The Bell Ringer

Quasimodo has a Hunch about You

By Gregg Sanderson

Tintinnabulation: (tin’ti-nab’ya-lay’shan) n. The ringing or sounding of bells.

Quasimodo, the Hunchback of Notre Dame, is an ugly son-of-a-gun who rings the bell. He’s gentle at heart and means well, but every chance he gets he’ll ring that doggoned bell. The tintinnabulation is maddening!

He’s like some of the people in your life who “ring your bell.” They mean well but have a way about them that sets you off every time they pull on the rope.

Who is this Quasimodo character, anyhow?

It could be anybody and everybody in your life or out of it, living or dead. In this analogy he shows you how your emotions work.

Usually those closest to you make the bell ring loudest because they know just where to grab the rope. Spouses and ex-spouses are especially astute. Nobody knows how to do it quite like those significant others. That’s why we call ‘em “significant.”

Family members are good at it too, even parents who have passed on. Many people spend lifetimes in anxiety over their ability to please a dead parent.

Children play the bell-ringer role as well. The ropes on the bells are your vulnerability and those kids know where every one is hanging. It seems they pull on them at the most inopportune times.

Then there are the others at work or school who do things in a way that annoys the daylights out of you. One has a whiney voice resembling the union of blackboard and fingernails. Another has curious personal habits. Some are so protective of their work they sabotage yours. People who deal with the public can tell you horror stories about the Quasimodos they meet.

You don’t have to know Quasimodo to get your bell rung. Think of the driver doing 25 mph down the two-lane highway five minutes before the store closes.

Quasimodo doesn’t have to be a person. He could be a traffic jam, a corporation, Congress or the president of the United States. Whatever turns you off.

Get the idea? Quasimodo is whoever and whatever gets you upset—produces tintinnabulation.

Clang – Fear; Clang – Anger; Clang – Resentment; Clang – Hurt; Clang, Clang, Clang – Guilt, worry, sadness, humiliation, despair, disappointment, rage, frustration, anxiety, stress. Ah, stress. That word seems to sum them all up.

Some authorities who should know better tell you stress is good for you. They ignore the harmful effects on the body, the premature aging and the lousy feelings.


As long as Quasimodo pulls on the rope, the bell rings and you can’t feel love or joy or peace of mind. This tintinnabulation does much more than make you unhappy. It also has its effect on people around you.

How can you stop the ringing?

The obvious solution, of course, is simple homicide, but society frowns on it. And the consequences could introduce you to Quasimodos you’ve never dreamed of. No, you have to do something a little less drastic. Besides, chances are you’re somebody else’s Quasimodo.

Bribery might work. Give the kid a couple of bucks to go to the movies. Send Quasimodo on a trip around the world by canoe. That can get expensive, so you can also leave and it’ll be a lot cheaper.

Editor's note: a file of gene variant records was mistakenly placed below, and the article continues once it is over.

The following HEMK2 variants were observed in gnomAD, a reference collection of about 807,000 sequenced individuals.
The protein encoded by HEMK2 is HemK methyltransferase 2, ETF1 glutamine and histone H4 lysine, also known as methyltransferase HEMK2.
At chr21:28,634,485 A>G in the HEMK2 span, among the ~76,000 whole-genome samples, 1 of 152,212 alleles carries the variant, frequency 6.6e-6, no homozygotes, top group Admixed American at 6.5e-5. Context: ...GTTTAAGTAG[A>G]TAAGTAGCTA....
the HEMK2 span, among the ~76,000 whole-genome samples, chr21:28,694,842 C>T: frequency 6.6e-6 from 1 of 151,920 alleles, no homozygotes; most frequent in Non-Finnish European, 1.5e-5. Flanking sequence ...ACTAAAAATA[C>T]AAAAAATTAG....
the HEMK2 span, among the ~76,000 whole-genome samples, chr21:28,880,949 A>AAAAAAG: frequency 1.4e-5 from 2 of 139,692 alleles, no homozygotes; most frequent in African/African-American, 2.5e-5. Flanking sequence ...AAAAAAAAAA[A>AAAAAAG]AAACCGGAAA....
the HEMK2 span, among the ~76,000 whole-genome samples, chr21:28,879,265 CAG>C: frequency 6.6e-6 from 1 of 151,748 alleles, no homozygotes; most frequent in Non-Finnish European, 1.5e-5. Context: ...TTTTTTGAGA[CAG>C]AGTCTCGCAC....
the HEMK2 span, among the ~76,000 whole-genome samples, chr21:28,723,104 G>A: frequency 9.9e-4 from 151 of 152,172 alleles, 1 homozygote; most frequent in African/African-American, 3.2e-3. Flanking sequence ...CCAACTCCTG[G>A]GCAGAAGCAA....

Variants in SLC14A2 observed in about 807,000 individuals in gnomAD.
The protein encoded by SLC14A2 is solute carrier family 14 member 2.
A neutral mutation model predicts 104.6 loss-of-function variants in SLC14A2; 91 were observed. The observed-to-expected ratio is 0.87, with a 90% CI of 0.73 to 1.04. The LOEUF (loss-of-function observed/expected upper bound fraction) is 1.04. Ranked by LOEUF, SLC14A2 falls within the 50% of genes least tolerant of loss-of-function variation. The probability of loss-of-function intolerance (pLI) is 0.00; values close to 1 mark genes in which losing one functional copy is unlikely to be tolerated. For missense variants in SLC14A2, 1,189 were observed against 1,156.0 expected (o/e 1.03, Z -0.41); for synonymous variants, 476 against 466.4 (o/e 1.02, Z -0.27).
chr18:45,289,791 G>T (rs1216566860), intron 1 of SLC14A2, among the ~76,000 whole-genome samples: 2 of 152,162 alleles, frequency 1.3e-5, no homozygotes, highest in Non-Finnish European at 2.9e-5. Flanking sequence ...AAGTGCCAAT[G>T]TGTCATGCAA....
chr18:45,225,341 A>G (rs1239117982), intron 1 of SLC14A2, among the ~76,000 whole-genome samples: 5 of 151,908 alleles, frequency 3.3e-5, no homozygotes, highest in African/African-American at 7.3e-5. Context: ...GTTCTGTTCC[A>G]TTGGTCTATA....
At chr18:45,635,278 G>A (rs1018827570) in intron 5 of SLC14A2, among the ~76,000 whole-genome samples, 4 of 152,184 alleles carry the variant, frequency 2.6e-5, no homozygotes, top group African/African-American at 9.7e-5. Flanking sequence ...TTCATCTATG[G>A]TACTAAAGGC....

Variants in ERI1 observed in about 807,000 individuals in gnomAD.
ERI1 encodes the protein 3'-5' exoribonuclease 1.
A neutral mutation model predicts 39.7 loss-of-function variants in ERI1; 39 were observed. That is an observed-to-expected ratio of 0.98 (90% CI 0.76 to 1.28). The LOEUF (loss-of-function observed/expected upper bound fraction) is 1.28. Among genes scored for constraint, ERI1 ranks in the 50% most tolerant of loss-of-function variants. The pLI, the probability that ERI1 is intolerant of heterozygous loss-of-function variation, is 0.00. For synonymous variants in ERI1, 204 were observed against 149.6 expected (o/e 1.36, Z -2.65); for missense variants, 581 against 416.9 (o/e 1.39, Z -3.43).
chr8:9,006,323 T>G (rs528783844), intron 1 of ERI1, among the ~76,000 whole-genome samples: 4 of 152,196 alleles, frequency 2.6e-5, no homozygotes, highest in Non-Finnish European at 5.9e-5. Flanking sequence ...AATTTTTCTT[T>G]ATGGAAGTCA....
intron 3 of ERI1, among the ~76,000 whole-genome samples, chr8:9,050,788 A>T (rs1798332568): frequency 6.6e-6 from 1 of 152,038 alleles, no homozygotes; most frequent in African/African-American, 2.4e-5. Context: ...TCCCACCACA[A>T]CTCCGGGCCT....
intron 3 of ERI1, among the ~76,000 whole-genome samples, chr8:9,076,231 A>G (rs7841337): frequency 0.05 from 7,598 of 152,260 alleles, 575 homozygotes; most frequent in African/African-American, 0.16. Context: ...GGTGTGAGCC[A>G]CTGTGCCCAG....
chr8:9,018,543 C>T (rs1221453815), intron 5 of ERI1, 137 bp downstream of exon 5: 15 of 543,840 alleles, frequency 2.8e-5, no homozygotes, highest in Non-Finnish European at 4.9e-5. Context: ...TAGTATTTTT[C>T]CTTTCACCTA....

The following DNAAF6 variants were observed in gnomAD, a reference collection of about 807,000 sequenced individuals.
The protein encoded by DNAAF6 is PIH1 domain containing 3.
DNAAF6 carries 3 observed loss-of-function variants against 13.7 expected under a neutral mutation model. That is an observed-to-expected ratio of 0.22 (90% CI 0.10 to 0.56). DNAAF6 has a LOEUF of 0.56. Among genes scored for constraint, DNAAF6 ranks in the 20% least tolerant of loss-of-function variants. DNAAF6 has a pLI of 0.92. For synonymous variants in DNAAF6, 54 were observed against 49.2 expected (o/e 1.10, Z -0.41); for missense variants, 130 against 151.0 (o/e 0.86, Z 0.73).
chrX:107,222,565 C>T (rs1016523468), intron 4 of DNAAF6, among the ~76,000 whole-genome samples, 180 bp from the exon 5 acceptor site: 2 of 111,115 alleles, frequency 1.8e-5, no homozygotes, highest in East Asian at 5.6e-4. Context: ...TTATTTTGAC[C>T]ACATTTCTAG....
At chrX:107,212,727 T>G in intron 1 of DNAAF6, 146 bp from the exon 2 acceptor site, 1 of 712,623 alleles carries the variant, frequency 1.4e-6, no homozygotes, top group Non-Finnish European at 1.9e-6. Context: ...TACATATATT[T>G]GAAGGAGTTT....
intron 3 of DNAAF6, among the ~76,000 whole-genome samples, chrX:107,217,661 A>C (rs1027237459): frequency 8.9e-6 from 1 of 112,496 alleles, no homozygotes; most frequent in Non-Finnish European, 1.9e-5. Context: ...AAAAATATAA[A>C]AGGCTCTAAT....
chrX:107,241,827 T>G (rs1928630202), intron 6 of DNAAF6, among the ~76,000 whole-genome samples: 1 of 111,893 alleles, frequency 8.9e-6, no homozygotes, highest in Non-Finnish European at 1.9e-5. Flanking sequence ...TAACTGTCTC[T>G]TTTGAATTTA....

You could cut the rope. That would be perfect if you want to live in a cave and not have any more human contact. That doesn’t sound like fun.

Revenge is a possibility. If he beats you to the last parking space, you’ll let the air out of his tires. Just don’t let him see you do it.

If he tries to tell you how to live your life, you live it another way (even if his suggestion might work better). If he bugs you with advice, you can ignore it.

You could find another job or spouse, but you can’t always find another parent (or child). Nothing we’ve thought about so far can work for all the Quasimodos.

Wait a minute!

How about…

YES! Do you care what Quasimodo does, or do you just want to stop the ringing? Aha! If you can stop the (emotional) noise, ole Quasie can turn somersaults on the rope for all you care. It won’t bother you, and you can enjoy his antics or applaud his dance.

How can you stop the ringing? It’s your bell. Just remove the clapper! The bell can swing all it wants and it won’t make a sound. You’ll hear the bluebird of happiness chirping its li’l heart out. Love, joy and peace become the order of the day.

Beats the hell out of a frontal lobotomy.

The Quasimodo story is an analogy. All you have to do is know that the clapper represents your BS (your NEED). It’s whatever you must have to be happy. It’s anything you want where you feel bad if you don’t get it.

You may want your football team to win, and that’s OK. If you go into a suicidal funk when they lose, then it’s more than a want. Your happiness depends upon the score, so it’s a NEED.

You may want your child to be an “A” student, but if you get angry over a “C” you NEED an “A” student. You may want me to show up on time, and if all you remember is the once when I didn’t—you need for me to be on time.

To stop the ringing in Quasimodo’s bell, remove the clapper—the need. That’s what we’re all about and there are several methods for that.

What are these needs and where did they come from? They’re your BS (belief system) and you started to get it before you were old enough to know what was happening.

Next month, we’ll show you a new way to look at life to produce greater happiness and joy. Stay tuned for more BS you can use.

Gregg Sanderson is author of Spirit With A Smile, The World According To BOB. He is a licensed practitioner inthe Centers for Spiritual Living, and a Certified Trainer for Infinite Possibilities. His earlier books were, What EverHappened To Happily Ever After? and Split Happens—Easing The Pain Of Divorce. His latest project is the NewThought Global Network, where subscribers can enjoy the best in New Thought presentations from anywhereat any time. You can see it at

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